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Leavitt, Edward Chalmers

(1842-1904) Edward C. Leavitt worked in Providence but is also associated with the Fall River School of still life painting through the influence of, and affinity of his style to, the work of Robert S. Dunning. Leavitt was a student of landscape painter James Morgan Lewin, a founder of Providence’s artistic “group of 1855.” Leavitt’s work is known for its realism, rich coloration, sharp focus and careful finish. His paintings of fruit and flowers incorporate ornate decorative pieces such as silver or bronze ewers, salvers, tankards, or plates on carved and polished tables. Leavitt was a prolific artist, exhibiting frequently at the National Academy of Design, the Boston Art Club, and the Pennsylvania Academy of Fine Arts. His work inspired other still life painters in Providence, resulting in that city’s own still life tradition, including artists such as John Clinton Spencer, Bryant Chapin, Charles Storer, and George Whitaker. For several decades his work (along with still life painting in general) was eclipsed by other styles, but when interest in the genre was renewed in the 1970s, Leavitt was once again recognized as one of New England’s leading still life painters of the nineteenth century.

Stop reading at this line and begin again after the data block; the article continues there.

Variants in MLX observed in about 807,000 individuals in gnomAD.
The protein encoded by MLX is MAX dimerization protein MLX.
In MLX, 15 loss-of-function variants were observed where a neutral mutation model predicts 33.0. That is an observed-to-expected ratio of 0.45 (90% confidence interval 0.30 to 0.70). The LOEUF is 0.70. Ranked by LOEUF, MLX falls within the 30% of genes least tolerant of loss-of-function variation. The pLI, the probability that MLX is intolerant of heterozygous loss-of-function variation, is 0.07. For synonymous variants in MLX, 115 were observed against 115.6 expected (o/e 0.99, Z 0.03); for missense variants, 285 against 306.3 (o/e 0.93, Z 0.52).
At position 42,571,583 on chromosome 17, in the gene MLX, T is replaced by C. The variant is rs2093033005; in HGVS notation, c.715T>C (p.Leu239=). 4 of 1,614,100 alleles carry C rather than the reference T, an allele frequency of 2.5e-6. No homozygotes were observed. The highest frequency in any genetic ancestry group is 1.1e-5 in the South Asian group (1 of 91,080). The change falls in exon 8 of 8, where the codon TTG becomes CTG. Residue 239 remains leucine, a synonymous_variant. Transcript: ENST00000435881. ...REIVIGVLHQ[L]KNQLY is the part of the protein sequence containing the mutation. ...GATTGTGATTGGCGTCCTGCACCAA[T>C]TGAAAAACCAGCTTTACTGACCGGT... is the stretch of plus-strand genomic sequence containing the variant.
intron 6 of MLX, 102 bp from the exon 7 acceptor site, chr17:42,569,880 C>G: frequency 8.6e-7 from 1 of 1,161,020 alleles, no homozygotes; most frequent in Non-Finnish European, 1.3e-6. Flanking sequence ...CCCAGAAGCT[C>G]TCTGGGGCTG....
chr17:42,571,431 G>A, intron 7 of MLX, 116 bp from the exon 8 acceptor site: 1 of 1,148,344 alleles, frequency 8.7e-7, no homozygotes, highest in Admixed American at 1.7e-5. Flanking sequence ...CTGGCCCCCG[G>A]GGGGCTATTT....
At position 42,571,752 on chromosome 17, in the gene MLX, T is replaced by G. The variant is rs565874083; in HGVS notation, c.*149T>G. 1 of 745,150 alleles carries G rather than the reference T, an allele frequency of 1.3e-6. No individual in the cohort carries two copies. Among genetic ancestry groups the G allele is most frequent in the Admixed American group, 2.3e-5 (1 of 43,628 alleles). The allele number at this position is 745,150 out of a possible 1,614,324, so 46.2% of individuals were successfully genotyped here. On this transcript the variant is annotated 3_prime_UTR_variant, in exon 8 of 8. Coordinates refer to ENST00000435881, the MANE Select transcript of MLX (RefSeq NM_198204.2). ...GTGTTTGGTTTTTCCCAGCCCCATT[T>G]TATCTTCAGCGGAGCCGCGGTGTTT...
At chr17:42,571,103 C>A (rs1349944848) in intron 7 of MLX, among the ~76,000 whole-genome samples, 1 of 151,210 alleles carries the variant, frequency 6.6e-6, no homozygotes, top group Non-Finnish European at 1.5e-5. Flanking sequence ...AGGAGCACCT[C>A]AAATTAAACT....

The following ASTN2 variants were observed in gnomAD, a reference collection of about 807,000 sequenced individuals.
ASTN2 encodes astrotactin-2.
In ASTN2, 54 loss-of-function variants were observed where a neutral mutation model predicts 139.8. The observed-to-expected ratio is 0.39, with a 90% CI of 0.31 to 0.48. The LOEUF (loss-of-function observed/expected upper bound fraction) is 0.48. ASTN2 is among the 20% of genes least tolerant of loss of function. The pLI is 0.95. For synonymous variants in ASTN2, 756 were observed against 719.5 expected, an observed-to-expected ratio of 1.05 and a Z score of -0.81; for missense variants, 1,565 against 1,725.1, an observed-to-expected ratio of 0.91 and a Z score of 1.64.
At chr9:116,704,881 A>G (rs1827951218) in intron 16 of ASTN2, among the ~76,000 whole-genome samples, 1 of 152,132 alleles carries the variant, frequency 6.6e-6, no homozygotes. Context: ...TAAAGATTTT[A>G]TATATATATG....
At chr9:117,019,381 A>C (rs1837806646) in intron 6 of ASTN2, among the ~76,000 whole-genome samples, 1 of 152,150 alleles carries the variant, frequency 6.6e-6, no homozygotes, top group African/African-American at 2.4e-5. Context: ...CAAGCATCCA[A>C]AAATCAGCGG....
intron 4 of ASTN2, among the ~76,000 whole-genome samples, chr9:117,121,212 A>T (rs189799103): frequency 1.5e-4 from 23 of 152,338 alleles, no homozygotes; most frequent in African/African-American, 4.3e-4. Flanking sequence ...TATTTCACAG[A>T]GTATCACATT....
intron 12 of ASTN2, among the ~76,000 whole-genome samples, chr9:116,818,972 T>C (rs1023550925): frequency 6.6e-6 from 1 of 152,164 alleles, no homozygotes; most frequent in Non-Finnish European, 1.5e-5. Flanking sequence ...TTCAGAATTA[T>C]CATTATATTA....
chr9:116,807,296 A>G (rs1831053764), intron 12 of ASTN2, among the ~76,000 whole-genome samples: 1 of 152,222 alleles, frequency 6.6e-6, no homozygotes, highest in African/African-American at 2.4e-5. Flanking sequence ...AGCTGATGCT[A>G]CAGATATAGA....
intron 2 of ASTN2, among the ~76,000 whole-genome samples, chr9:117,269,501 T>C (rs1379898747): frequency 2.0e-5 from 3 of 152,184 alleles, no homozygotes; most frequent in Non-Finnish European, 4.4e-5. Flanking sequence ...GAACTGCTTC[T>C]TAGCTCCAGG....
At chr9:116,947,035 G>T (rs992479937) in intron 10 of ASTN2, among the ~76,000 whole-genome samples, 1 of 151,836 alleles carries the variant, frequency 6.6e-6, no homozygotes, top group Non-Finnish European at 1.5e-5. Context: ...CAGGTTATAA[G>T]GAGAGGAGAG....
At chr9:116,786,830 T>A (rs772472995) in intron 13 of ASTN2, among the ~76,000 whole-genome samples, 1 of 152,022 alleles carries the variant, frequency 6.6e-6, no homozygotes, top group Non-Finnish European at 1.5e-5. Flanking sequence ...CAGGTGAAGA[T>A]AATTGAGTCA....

Title: Still Life of Fruit
Medium: oil on canvas, signed lower left, dated 1891, 20" x 22" sight, 28.5" x 29.5" framed